1887

With Big Data Comes Big Responsibilities for Science Equity Research

    Authors: Cissy J. Ballen1,*, Henriette Tolstrup Holmegaard2
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    Affiliations: 1: Department of Biological Sciences, Auburn University, Auburn, AL 36849, United States; 2: Department of Science Education, University of Copenhagen, Copenhagen, Denmark
    AUTHOR AND ARTICLE INFORMATION AUTHOR AND ARTICLE INFORMATION
    • Received 19 June 2018 Accepted 17 September 2018 Published 26 April 2019
    • ©2019 Author(s). Published by the American Society for Microbiology
    • [open-access] This is an Open Access article distributed under the terms of the Creative Commons Attribution-Noncommercial-NoDerivatives 4.0 International license (https://creativecommons.org/licenses/by-nc-nd/4.0/ and https://creativecommons.org/licenses/by-nc-nd/4.0/legalcode), which grants the public the nonexclusive right to copy, distribute, or display the published work.

    • *Corresponding author. Mailing address: Department of Biological Sciences, Auburn University, Auburn, AL 36849. Phone: 334-844-4830. Fax: 334-844-1645. E-mail: [email protected]
    Source: J. Microbiol. Biol. Educ. April 2019 vol. 20 no. 1 doi:10.1128/jmbe.v20i1.1643
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    Abstract:

    Our ability to collect and access large quantities of data over the last decade has been revolutionary for many social sciences. Suddenly, it is possible to measure human behavior, performance, and activity on an unprecedented scale, opening the door to fundamental advances in discovery and understanding. Yet such access to data has limitations that, if not sufficiently addressed and explored, can result in significant oversights. Here we discuss recent research that used data from a large global sample of high school students to demonstrate, paradoxically, that in nations with higher gender equality, fewer women pursued science, technology, engineering, and mathematics (STEM) degrees than would be expected based on aptitude in those subjects. The for observed patterns is central to current debates, with frequent disagreement about the nature and magnitude of problems posed by the lack of female representation in STEM and the best ways to deal with them. In our international efforts to use big data in education research, it is necessary to critically consider its limitations and biases.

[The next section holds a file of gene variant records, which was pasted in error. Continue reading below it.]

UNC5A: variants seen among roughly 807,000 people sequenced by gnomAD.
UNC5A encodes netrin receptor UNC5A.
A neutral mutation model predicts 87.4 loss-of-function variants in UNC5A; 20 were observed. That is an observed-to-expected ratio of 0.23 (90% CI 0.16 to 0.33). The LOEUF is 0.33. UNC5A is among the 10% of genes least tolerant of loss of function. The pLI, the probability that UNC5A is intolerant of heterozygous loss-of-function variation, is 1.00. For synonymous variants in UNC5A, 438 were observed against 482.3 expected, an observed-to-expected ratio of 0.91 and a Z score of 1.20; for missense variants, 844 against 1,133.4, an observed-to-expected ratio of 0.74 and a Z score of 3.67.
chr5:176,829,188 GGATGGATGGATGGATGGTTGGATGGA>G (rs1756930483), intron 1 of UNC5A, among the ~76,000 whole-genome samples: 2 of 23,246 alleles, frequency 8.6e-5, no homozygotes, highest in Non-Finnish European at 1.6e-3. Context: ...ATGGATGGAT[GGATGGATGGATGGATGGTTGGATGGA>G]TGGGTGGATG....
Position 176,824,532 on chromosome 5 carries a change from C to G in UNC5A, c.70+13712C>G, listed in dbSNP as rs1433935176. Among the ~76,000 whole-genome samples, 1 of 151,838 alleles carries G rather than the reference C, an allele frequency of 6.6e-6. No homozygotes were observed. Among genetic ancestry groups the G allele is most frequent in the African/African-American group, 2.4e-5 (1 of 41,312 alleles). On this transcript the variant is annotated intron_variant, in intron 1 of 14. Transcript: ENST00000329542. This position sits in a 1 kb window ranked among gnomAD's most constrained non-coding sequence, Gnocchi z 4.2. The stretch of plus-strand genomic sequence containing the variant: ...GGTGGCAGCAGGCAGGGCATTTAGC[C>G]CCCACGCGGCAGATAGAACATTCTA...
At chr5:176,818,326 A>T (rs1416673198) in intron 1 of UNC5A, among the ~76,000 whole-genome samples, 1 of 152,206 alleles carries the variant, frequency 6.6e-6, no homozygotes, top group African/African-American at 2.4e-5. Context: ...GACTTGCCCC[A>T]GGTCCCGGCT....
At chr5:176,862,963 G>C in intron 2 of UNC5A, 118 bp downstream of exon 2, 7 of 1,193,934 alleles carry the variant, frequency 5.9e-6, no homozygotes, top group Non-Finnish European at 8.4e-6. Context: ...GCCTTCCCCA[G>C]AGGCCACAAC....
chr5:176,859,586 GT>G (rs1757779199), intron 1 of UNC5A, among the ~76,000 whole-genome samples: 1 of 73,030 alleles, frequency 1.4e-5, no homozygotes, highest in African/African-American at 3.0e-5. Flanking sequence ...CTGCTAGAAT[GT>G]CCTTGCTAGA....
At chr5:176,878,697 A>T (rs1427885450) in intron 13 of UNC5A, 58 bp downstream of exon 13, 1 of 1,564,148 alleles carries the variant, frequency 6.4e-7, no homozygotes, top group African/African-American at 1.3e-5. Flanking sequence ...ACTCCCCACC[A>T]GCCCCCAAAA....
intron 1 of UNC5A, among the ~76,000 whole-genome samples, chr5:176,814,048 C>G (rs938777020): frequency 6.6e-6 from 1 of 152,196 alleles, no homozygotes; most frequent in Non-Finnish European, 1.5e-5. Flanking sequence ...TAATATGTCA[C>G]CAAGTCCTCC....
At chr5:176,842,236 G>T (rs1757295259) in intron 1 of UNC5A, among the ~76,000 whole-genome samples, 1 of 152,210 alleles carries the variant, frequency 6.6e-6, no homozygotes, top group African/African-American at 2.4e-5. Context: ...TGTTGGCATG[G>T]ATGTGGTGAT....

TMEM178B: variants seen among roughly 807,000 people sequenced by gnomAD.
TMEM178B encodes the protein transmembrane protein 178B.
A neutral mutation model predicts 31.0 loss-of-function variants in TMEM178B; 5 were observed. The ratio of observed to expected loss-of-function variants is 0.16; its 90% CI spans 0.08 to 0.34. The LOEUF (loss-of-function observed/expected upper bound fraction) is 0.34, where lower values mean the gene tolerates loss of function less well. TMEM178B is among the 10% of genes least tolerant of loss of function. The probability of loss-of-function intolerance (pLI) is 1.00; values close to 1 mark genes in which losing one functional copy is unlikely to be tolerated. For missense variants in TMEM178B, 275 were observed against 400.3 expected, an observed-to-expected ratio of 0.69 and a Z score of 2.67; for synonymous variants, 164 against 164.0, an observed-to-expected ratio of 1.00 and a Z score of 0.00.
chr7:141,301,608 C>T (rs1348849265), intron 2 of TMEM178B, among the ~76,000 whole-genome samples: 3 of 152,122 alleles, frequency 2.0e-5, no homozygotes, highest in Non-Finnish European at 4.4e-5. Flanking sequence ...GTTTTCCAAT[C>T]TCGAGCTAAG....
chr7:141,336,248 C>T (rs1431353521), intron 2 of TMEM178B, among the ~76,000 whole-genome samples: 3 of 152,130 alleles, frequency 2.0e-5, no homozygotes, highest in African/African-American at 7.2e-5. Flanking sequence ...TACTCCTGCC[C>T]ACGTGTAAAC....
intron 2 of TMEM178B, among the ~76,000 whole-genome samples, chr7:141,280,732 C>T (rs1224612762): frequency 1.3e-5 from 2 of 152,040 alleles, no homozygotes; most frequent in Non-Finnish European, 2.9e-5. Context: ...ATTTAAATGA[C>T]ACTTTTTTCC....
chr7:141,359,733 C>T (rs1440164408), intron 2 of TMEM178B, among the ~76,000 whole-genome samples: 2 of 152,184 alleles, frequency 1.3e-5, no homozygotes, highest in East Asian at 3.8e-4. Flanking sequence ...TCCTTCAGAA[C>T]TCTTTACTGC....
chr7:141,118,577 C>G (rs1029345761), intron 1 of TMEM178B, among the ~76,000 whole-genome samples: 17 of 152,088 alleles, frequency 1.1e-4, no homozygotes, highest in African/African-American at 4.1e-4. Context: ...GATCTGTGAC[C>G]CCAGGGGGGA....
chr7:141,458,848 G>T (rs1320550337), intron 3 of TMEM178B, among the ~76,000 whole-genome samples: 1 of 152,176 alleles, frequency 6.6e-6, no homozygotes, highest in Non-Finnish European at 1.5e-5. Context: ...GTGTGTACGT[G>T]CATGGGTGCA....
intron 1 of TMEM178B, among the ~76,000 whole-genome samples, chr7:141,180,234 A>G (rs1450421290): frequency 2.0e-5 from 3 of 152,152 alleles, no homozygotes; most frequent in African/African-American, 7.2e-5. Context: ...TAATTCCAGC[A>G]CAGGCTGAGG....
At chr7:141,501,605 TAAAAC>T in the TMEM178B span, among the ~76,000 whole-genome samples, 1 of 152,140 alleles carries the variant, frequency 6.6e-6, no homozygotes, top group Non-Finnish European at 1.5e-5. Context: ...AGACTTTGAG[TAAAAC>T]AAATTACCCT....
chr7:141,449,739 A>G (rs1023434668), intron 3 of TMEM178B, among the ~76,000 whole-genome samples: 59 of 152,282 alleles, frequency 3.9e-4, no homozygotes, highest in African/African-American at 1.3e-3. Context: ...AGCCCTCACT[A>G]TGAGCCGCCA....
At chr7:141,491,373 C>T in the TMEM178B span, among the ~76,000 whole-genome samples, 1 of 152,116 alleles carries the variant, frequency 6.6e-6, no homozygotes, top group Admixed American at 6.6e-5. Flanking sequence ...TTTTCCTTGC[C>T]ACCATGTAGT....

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2019-04-26
2019-08-23

Abstract:

Our ability to collect and access large quantities of data over the last decade has been revolutionary for many social sciences. Suddenly, it is possible to measure human behavior, performance, and activity on an unprecedented scale, opening the door to fundamental advances in discovery and understanding. Yet such access to data has limitations that, if not sufficiently addressed and explored, can result in significant oversights. Here we discuss recent research that used data from a large global sample of high school students to demonstrate, paradoxically, that in nations with higher gender equality, fewer women pursued science, technology, engineering, and mathematics (STEM) degrees than would be expected based on aptitude in those subjects. The for observed patterns is central to current debates, with frequent disagreement about the nature and magnitude of problems posed by the lack of female representation in STEM and the best ways to deal with them. In our international efforts to use big data in education research, it is necessary to critically consider its limitations and biases.

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